U.S. President Barack Obama speaks during a news conference in the East Room of the White House October 6, 2011 in Washington, DC. Obama spoke about the $447 billion jobs bill he has sent to Congress.
Photographer: Alex Wong/Getty Images
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WASHINGTON (AP) - Conservatives on Tuesday used a speech President Barack Obama delivered as a candidate in 2007 to accuse him of using racially charged rhetoric.
"It contains some of the most divisive class warfare and racially charged rhetoric ever used by Barack Obama," said Fox News host Sean Hannity. Conservative pundit Tucker Carlson of The Daily Caller argued that the speech features "racial rhetoric designed to make people fearful." And The Drudge Report, a regular Obama critic, predicted the video would "ignite accusations of racism -- in both directions!"
At issue Tuesday, one day before the first presidential debate and as Republican presidential candidate Mitt Romney trails in polls, was a speech then-candidate Obama made to black clergy at Hampton University, a historically black school in Virginia. Media outlets including The Associated Press and Fox News, which broadcast portions of the video Tuesday, covered the remarks at the time.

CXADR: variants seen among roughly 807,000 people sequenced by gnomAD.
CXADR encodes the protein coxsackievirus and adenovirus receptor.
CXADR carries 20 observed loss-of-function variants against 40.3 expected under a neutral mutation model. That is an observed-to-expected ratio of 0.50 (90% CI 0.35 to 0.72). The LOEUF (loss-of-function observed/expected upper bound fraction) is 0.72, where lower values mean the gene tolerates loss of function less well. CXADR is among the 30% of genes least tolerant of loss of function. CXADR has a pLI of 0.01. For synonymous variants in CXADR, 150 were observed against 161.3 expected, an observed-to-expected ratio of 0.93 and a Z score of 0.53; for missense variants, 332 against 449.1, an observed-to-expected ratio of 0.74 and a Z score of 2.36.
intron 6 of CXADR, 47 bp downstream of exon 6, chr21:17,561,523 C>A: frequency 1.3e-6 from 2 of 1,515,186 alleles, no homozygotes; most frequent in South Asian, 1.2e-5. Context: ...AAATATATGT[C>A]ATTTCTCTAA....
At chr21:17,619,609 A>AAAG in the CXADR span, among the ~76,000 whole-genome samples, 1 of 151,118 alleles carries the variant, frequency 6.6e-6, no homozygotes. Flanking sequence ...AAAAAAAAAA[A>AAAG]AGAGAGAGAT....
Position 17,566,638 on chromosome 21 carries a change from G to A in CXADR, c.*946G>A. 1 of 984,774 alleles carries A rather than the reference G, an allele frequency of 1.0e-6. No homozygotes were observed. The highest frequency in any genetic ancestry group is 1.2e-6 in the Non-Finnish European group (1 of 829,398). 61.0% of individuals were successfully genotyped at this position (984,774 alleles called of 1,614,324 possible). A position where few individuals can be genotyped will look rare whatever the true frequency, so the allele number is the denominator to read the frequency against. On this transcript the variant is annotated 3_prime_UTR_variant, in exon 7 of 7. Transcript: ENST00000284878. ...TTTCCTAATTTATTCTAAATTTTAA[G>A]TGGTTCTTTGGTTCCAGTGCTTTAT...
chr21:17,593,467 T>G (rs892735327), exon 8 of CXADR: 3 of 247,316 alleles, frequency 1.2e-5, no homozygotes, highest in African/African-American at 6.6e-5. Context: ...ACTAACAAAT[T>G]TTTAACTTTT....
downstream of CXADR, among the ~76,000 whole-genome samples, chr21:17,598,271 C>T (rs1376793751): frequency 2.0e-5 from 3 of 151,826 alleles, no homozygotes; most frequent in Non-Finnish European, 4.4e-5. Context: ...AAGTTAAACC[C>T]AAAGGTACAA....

Obama -- now the nation's first black president -- said in the speech that the Bush administration did nothing to defuse a "quiet riot" among blacks that threatened to erupt in the aftermath of Hurricane Katrina. Then a U.S. senator from Illinois, Obama also said the Bush administration "was colorblind in its incompetence."
Obama campaign spokesman Ben LaBolt quickly dismissed the criticism, accusing "Mitt Romney's allies" of recirculating video of a widely covered speech in "a transparent attempt to change the subject" from Romney's comments about 47 percent of Americans who don't pay federal income taxes.
Romney's campaign did not immediately respond to a request seeking comment. The Republican previously distanced himself from a conservative group considering an advertising campaign featuring Obama's former spiritual adviser, the Rev. Jeremiah A. Wright Jr., whose race-related sermons stirred controversy in Obama's first campaign.
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